The worst three months in angling - sport hit by ice and cormorants

The battle to combat what has been the toughest three months in angling history has begun.

As the ice continues to thaw and anglers return to the banks, the industry is only just beginning to count the cost of the coldest winter since records began.

Countless fisheries from the far north to the deepest south have reported widescale fish fatalities due to the ice, while the extreme weather conditions have also cost individual venues thousands of pounds in lost revenue – a loss made more painful as Christmas is traditionally one of the most profitable times of the year.

Even the rivers have not escaped the big freeze, with huge numbers of cormorants moving on to ice-free running waters to feed, devastating fish stocks.

Richworth Linear Fisheries complex, in Oxfordshire, was just one of many venues forced to close to anglers and has only just reopened after six weeks.

“This is a big complex and we’ve been able to ride out these last six weeks without any income from anglers, but I know for a fact that some smaller fisheries won’t be so lucky,” said fishery boss Roy Parsons.

“It will put massive pressure on them for the rest of the year as they try to make back some of the money they’ve lost.”

Cemex Angling, based in the south, controls some of the most popular coarse fisheries in the UK and has lost some 40 carp to over 20lb at its well-known specimen fishery Frimley 2 in the conditions.

The fatalities are believed to have been caused by de-oxygenation of the water due to a covering of ice.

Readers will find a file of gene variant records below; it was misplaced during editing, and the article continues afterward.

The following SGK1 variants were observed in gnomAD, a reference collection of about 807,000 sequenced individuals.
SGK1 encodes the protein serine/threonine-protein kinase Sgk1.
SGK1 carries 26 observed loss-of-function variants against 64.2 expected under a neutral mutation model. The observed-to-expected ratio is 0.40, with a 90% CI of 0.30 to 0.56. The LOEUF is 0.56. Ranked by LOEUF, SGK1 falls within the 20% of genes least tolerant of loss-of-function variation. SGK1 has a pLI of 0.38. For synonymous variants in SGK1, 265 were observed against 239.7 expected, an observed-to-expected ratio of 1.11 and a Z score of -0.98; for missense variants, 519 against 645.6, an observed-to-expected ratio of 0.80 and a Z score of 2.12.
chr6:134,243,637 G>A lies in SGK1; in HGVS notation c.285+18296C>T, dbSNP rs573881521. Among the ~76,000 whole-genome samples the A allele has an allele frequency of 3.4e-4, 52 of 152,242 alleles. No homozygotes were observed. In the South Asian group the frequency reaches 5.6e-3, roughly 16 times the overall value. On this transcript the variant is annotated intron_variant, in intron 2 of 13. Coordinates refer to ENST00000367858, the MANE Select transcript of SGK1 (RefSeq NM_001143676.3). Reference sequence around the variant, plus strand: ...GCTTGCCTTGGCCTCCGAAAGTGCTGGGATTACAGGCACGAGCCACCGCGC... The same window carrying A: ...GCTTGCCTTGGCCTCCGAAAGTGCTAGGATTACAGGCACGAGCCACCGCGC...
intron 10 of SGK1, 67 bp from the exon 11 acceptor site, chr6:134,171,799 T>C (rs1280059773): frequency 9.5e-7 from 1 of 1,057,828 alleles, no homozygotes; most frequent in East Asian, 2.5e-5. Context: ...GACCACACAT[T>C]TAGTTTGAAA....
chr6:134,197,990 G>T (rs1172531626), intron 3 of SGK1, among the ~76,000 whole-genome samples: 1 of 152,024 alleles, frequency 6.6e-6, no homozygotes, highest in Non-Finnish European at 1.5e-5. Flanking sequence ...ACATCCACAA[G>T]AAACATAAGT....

“This was a case of bad timing,” Cemex Angling fisheries manager Pete Newman, told AT.

“The lake is tightly surrounded by trees which had only just dropped their leaves into the water before it froze over.

“This then caused real problems with oxygen levels as theleaves started to decompose.”

Steve Barnes, owner of Quiet Sports Fishery Management, one of the biggest suppliers of coarse fish in the UK, has revealed that he’s been inundated by fishery owners looking for stock evaluations on their waters as they try to discover the extent of the damage the ice has caused to their livelihoods.

“In the last week I’ve had up to five phone calls a day from fishery owners who have found dead fish and just don’t know how many they’ve lost,” Steve told AT.

“In my experience, what’s on the surface only paints half a picture as to the numbers that have actually been lost, which is a big concern for the rest of the year.”

It’s not just fishery owners who have suffered, either. Tackle industry bosses are also counting the cost of the worst three months angling has ever known and believe that 2011 will prove to be the toughest year ever for the sport.

The main fear is that the arctic conditions, coupled with anglers having less money to spend, could result in many tackle shops suffering the same fate as leading retailer Bennett’s of Sheffield, which closed last November.

“I’m aware of some shops that have taken as little as just a few pounds in a week during these tough times,” said Naidre Werner, chairman of the Angling Trades Association.

“It’s going to be the smaller shops and those with large overheads that are really going to feel the strain.

“It’s vital that as soon as anglers can get out there fishing, that they support their local tackle shops. The sport needs to stick together,” she added.

The bad news for the sport is that there could still be worse to come. Some of the nation’s most respected scientists and fish farmers are warning that, despite many waters now being free from ice, it’s too early to breathe a sigh of relief.

“This is, without doubt, the toughest winter the sport has ever faced and some people are talking like the spring is here already,” leading fisheries scientist Simon Scott told AT.

“We’re only halfway through, though, and still have the rest of January and February to go, and those are notoriously the toughest months of the year for the sport.”